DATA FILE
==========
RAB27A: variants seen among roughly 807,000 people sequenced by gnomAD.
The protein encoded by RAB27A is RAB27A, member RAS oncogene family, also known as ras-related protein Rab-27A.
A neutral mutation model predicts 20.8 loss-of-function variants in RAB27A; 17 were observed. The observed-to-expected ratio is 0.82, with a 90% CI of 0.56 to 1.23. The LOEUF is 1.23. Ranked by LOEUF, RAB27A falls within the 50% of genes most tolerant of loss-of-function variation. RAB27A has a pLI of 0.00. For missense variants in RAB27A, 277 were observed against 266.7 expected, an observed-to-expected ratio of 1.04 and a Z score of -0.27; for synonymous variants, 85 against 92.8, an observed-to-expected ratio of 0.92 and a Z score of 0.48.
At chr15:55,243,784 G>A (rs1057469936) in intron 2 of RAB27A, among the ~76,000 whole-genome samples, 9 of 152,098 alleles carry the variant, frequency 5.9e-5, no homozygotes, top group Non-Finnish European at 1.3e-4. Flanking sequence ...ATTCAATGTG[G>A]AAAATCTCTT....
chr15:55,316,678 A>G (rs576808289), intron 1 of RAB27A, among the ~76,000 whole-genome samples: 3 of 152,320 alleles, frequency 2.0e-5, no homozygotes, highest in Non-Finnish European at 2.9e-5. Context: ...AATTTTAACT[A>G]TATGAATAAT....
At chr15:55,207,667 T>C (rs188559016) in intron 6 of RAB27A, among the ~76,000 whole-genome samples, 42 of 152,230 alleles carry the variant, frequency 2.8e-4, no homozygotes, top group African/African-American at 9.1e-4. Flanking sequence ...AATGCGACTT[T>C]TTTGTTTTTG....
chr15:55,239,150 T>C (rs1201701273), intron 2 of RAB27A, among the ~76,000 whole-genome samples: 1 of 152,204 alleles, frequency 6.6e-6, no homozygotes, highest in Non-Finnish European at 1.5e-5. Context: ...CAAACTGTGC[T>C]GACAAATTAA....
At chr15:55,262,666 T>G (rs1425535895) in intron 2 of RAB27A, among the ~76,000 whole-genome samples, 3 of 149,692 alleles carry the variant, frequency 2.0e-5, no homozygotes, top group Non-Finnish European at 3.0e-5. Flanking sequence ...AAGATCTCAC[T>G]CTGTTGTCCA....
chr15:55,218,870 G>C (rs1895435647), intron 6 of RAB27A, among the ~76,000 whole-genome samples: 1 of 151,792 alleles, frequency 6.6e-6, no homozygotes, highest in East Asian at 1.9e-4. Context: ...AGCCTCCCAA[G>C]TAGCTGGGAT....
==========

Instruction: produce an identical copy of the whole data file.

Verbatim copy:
RAB27A: variants seen among roughly 807,000 people sequenced by gnomAD.
The protein encoded by RAB27A is RAB27A, member RAS oncogene family, also known as ras-related protein Rab-27A.
A neutral mutation model predicts 20.8 loss-of-function variants in RAB27A; 17 were observed. The observed-to-expected ratio is 0.82, with a 90% CI of 0.56 to 1.23. The LOEUF is 1.23. Ranked by LOEUF, RAB27A falls within the 50% of genes most tolerant of loss-of-function variation. RAB27A has a pLI of 0.00. For missense variants in RAB27A, 277 were observed against 266.7 expected, an observed-to-expected ratio of 1.04 and a Z score of -0.27; for synonymous variants, 85 against 92.8, an observed-to-expected ratio of 0.92 and a Z score of 0.48.
At chr15:55,243,784 G>A (rs1057469936) in intron 2 of RAB27A, among the ~76,000 whole-genome samples, 9 of 152,098 alleles carry the variant, frequency 5.9e-5, no homozygotes, top group Non-Finnish European at 1.3e-4. Flanking sequence ...ATTCAATGTG[G>A]AAAATCTCTT....
chr15:55,316,678 A>G (rs576808289), intron 1 of RAB27A, among the ~76,000 whole-genome samples: 3 of 152,320 alleles, frequency 2.0e-5, no homozygotes, highest in Non-Finnish European at 2.9e-5. Context: ...AATTTTAACT[A>G]TATGAATAAT....
At chr15:55,207,667 T>C (rs188559016) in intron 6 of RAB27A, among the ~76,000 whole-genome samples, 42 of 152,230 alleles carry the variant, frequency 2.8e-4, no homozygotes, top group African/African-American at 9.1e-4. Flanking sequence ...AATGCGACTT[T>C]TTTGTTTTTG....
chr15:55,239,150 T>C (rs1201701273), intron 2 of RAB27A, among the ~76,000 whole-genome samples: 1 of 152,204 alleles, frequency 6.6e-6, no homozygotes, highest in Non-Finnish European at 1.5e-5. Context: ...CAAACTGTGC[T>C]GACAAATTAA....
At chr15:55,262,666 T>G (rs1425535895) in intron 2 of RAB27A, among the ~76,000 whole-genome samples, 3 of 149,692 alleles carry the variant, frequency 2.0e-5, no homozygotes, top group Non-Finnish European at 3.0e-5. Flanking sequence ...AAGATCTCAC[T>G]CTGTTGTCCA....
chr15:55,218,870 G>C (rs1895435647), intron 6 of RAB27A, among the ~76,000 whole-genome samples: 1 of 151,792 alleles, frequency 6.6e-6, no homozygotes, highest in East Asian at 1.9e-4. Context: ...AGCCTCCCAA[G>C]TAGCTGGGAT....